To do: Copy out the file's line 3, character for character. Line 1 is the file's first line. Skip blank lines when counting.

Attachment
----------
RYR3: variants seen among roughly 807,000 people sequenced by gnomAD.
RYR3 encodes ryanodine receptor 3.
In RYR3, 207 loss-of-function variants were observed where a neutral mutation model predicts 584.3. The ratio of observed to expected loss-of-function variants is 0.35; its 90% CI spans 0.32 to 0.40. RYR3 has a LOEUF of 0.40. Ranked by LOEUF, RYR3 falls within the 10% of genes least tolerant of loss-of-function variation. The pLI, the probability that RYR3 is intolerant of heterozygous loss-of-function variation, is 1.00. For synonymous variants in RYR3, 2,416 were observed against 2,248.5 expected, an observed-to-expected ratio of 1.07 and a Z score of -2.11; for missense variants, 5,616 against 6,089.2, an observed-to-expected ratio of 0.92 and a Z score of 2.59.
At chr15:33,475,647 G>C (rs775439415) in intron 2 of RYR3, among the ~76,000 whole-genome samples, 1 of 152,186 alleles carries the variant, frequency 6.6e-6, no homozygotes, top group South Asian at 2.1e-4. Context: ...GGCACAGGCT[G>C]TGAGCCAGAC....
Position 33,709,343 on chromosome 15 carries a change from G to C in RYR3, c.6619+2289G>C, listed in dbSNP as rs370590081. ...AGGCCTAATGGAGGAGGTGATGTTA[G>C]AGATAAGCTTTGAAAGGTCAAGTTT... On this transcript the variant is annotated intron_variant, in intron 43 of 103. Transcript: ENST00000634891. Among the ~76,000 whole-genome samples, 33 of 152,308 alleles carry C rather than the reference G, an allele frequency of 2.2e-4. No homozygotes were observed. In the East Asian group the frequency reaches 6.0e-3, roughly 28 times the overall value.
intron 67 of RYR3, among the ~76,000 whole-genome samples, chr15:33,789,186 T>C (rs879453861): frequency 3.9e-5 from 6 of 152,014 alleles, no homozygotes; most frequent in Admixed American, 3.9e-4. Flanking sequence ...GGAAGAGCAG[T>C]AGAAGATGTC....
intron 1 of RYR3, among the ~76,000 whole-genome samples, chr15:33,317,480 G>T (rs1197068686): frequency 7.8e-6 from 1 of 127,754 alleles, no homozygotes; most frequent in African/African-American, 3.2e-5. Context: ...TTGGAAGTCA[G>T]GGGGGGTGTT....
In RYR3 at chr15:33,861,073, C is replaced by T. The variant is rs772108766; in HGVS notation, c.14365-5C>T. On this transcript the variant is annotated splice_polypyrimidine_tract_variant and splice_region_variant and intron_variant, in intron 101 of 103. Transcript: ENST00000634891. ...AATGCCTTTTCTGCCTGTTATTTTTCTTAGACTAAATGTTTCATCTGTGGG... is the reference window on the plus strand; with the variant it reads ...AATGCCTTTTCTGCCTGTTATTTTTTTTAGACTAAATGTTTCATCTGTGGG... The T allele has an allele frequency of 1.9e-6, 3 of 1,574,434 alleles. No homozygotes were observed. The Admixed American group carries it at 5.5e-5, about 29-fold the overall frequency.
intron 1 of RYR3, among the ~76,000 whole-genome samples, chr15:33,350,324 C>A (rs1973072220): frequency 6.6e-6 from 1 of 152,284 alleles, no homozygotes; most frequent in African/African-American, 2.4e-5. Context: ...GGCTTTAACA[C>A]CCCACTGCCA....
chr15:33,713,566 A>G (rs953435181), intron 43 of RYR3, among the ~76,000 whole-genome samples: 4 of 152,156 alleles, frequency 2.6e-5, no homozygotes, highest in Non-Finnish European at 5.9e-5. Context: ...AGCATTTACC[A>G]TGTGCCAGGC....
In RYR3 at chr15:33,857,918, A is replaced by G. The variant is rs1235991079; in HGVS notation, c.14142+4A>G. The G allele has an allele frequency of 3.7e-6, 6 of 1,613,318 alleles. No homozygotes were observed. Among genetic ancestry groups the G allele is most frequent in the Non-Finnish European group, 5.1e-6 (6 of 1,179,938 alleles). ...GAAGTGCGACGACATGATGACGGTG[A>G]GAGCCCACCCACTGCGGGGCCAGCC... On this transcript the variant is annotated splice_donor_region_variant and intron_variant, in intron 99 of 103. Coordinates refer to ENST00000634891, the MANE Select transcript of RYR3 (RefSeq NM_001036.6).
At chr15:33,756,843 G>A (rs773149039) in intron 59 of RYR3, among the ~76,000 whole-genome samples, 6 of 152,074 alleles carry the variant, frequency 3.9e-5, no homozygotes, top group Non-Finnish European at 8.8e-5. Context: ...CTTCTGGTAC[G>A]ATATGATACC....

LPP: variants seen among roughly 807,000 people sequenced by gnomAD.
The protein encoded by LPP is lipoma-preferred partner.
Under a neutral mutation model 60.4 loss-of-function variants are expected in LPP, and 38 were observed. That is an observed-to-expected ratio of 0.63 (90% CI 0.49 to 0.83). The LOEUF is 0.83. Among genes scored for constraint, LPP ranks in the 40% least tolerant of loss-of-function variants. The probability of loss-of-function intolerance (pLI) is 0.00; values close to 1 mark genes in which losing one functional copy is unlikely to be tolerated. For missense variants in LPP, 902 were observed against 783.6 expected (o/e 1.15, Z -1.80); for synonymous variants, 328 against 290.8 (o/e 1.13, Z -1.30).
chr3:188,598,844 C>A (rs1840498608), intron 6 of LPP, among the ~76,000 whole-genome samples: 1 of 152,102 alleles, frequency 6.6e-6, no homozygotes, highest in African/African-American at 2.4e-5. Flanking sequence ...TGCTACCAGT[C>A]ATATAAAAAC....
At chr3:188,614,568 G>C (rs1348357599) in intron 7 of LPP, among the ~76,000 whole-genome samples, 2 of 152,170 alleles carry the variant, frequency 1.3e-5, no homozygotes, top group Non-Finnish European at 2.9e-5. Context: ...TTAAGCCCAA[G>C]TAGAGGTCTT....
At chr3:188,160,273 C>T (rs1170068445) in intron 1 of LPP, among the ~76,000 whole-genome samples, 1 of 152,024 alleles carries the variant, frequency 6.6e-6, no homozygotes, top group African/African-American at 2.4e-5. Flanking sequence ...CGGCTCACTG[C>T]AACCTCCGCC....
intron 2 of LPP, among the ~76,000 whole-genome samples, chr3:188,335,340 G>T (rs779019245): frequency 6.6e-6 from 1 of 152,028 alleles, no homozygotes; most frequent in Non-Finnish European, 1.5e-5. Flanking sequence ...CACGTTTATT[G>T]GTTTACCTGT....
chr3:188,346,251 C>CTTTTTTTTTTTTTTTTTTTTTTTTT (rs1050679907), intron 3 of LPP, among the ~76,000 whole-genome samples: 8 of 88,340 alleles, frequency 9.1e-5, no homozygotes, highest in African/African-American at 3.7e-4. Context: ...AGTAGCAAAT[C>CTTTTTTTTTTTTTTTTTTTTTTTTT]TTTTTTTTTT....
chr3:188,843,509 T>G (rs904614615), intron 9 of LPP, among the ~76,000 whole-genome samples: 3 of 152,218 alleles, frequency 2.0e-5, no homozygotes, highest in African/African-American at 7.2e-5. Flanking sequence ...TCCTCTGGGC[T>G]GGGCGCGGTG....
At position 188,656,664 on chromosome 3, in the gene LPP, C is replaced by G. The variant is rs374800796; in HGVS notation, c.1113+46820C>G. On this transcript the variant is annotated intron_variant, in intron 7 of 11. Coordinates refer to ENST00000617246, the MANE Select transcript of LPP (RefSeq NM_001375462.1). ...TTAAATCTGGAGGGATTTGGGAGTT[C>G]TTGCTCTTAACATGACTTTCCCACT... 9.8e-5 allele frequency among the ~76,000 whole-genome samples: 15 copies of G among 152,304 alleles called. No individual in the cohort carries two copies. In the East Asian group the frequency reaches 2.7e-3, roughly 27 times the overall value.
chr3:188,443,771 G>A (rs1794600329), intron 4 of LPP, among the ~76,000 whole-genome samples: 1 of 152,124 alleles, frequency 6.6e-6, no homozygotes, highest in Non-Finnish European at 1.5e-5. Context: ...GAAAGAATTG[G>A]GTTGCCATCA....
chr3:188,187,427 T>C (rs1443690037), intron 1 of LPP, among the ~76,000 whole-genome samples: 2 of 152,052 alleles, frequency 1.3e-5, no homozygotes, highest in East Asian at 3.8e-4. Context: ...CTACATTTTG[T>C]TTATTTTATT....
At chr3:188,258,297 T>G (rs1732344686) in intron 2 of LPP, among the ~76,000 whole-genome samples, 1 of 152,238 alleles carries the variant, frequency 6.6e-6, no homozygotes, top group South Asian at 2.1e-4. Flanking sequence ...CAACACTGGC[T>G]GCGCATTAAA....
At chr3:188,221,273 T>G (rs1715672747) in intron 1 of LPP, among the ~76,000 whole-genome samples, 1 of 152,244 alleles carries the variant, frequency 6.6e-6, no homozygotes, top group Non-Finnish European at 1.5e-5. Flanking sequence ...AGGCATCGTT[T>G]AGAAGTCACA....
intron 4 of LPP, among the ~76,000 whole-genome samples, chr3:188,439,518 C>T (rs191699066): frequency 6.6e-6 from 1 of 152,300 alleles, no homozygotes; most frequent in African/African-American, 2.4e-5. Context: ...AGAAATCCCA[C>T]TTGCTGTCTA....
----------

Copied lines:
In RYR3, 207 loss-of-function variants were observed where a neutral mutation model predicts 584.3. The ratio of observed to expected loss-of-function variants is 0.35; its 90% CI spans 0.32 to 0.40. RYR3 has a LOEUF of 0.40. Ranked by LOEUF, RYR3 falls within the 10% of genes least tolerant of loss-of-function variation. The pLI, the probability that RYR3 is intolerant of heterozygous loss-of-function variation, is 1.00. For synonymous variants in RYR3, 2,416 were observed against 2,248.5 expected, an observed-to-expected ratio of 1.07 and a Z score of -2.11; for missense variants, 5,616 against 6,089.2, an observed-to-expected ratio of 0.92 and a Z score of 2.59.